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When More Poor Means Less Poverty: On Income Inequality and Purchasing Power




We show theoretically that the poor can benefit from price changes induced by higher income inequality. As the number of poor in a society increases, or when the income difference between rich and poor increases, the market for products aimed towards the poor grows and such products become more profitable. As a result, there are circumstances where an increase in poverty associates with higher purchasing power of the poor. Using cross-country data at two points in time on the price of rice and Big Mac hamburgers, we confirm the relationship between inequality and purchasing power of the poor, and show that it is robust to several control variables and also to a first-difference specification.

Suggested Citation

  • Bergh, Andreas & Nilsson, Therese, 2012. "When More Poor Means Less Poverty: On Income Inequality and Purchasing Power," Working Paper Series 900, Research Institute of Industrial Economics.
  • Handle: RePEc:hhs:iuiwop:0900

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    References listed on IDEAS

    1. Pendakur, Krishna, 2002. "Taking prices seriously in the measurement of inequality," Journal of Public Economics, Elsevier, vol. 86(1), pages 47-69, October.
    2. Daron Acemoglu & Joshua Linn, 2004. "Market Size in Innovation: Theory and Evidence from the Pharmaceutical Industry," The Quarterly Journal of Economics, Oxford University Press, vol. 119(3), pages 1049-1090.
    3. Deaton, Angus & Paxson, Christina, 1994. "Intertemporal Choice and Inequality," Journal of Political Economy, University of Chicago Press, vol. 102(3), pages 437-467, June.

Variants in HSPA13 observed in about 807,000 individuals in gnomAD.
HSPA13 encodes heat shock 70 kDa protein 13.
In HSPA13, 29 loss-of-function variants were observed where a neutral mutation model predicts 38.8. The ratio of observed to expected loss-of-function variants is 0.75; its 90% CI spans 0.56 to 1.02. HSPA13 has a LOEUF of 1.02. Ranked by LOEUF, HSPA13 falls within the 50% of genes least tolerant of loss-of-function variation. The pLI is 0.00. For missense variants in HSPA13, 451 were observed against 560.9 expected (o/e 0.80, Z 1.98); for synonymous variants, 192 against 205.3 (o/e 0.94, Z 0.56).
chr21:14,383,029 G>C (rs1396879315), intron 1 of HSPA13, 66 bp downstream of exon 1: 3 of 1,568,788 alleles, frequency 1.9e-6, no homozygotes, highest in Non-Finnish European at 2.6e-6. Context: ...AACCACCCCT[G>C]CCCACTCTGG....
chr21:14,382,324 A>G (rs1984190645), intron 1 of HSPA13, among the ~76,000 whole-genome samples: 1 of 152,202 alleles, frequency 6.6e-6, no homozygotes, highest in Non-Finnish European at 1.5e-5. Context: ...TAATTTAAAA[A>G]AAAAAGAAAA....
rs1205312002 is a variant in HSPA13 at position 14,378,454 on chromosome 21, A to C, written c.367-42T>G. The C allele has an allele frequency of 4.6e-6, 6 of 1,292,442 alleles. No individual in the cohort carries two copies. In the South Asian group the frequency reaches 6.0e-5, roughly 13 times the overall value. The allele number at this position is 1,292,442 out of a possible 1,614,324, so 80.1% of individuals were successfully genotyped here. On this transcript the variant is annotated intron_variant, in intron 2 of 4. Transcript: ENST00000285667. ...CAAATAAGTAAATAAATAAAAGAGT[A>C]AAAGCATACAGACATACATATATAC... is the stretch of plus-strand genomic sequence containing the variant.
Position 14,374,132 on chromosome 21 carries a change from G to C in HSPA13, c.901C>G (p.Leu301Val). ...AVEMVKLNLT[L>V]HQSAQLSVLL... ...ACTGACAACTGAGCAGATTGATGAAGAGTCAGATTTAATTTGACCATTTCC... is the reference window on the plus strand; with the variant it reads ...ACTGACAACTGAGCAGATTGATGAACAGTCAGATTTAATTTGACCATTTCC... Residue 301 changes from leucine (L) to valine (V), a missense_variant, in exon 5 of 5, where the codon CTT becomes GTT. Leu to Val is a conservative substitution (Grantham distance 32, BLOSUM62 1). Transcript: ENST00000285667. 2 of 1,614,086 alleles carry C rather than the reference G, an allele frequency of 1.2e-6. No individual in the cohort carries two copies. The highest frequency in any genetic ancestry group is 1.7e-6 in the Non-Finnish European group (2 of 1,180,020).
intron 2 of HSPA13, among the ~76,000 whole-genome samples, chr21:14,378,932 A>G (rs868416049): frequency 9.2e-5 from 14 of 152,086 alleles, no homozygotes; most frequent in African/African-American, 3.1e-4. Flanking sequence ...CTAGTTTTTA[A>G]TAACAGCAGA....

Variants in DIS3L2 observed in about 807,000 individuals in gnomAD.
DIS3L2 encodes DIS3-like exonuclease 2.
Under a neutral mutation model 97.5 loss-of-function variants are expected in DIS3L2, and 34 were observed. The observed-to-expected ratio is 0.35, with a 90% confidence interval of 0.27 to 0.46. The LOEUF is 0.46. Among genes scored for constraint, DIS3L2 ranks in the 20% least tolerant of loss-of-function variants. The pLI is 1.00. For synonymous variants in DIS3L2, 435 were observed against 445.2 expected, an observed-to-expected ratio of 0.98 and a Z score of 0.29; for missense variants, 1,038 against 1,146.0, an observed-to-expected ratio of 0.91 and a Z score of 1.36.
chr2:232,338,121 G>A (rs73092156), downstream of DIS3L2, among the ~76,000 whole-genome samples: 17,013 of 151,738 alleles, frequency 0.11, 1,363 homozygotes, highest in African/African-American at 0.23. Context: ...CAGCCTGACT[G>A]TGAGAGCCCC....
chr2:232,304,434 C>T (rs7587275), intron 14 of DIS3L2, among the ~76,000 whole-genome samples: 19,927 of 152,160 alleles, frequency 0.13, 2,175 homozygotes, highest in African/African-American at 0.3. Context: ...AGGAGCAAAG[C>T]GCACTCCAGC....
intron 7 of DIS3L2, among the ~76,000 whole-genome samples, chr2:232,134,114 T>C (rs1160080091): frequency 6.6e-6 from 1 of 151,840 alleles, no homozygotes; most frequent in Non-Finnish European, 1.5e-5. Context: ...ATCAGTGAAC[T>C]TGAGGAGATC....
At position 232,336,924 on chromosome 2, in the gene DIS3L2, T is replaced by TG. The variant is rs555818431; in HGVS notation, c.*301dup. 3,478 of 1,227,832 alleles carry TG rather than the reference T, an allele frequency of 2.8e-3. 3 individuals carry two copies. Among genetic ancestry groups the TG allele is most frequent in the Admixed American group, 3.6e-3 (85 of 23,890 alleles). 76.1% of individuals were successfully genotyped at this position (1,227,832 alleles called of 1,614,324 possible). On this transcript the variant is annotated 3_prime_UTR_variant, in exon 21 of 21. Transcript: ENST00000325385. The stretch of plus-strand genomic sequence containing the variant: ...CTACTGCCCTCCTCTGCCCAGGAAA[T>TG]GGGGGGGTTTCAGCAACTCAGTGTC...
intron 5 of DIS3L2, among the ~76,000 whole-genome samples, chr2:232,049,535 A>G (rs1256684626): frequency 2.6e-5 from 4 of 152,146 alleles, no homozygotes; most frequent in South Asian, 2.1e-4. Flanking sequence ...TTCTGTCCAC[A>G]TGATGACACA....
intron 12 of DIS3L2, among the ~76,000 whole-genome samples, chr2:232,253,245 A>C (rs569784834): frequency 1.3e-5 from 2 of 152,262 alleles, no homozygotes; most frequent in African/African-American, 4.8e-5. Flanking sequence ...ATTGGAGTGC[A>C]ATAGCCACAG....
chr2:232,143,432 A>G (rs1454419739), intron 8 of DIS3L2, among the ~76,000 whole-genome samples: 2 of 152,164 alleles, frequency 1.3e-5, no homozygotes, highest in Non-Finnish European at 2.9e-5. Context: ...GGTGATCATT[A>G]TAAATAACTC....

4. Dirk Krueger & Fabrizio Perri, 2006. "Does Income Inequality Lead to Consumption Inequality? Evidence and Theory -super-1," Review of Economic Studies, Oxford University Press, vol. 73(1), pages 163-193.
    5. Dave D. Weatherspoon & Thomas Reardon, 2003. "The Rise of Supermarkets in Africa: Implications for Agrifood Systems and the Rural Poor," Development Policy Review, Overseas Development Institute, vol. 21, pages 333-355, May.
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    Cited by:

    1. Bjørnskov, Christian, 2015. "Does economic freedom really kill? On the association between ‘Neoliberal’ policies and homicide rates," European Journal of Political Economy, Elsevier, vol. 37(C), pages 207-219.
    2. Abhimanyu Dadu & Namrata Gulati, 2014. "Inequality, neighborhoods and variation in prices," Indira Gandhi Institute of Development Research, Mumbai Working Papers 2014-001, Indira Gandhi Institute of Development Research, Mumbai, India.
    3. Namrata Gulati & Abhimanyu Dadu, 2014. "Inequality, Neighbourhoods and Variation in Prices," Economics Bulletin, AccessEcon, vol. 34(3), pages 1463-1484.

    More about this item


    Inequality; Poverty; Prices; Purchasing power;

    JEL classification:

    • D63 - Microeconomics - - Welfare Economics - - - Equity, Justice, Inequality, and Other Normative Criteria and Measurement
    • I30 - Health, Education, and Welfare - - Welfare, Well-Being, and Poverty - - - General


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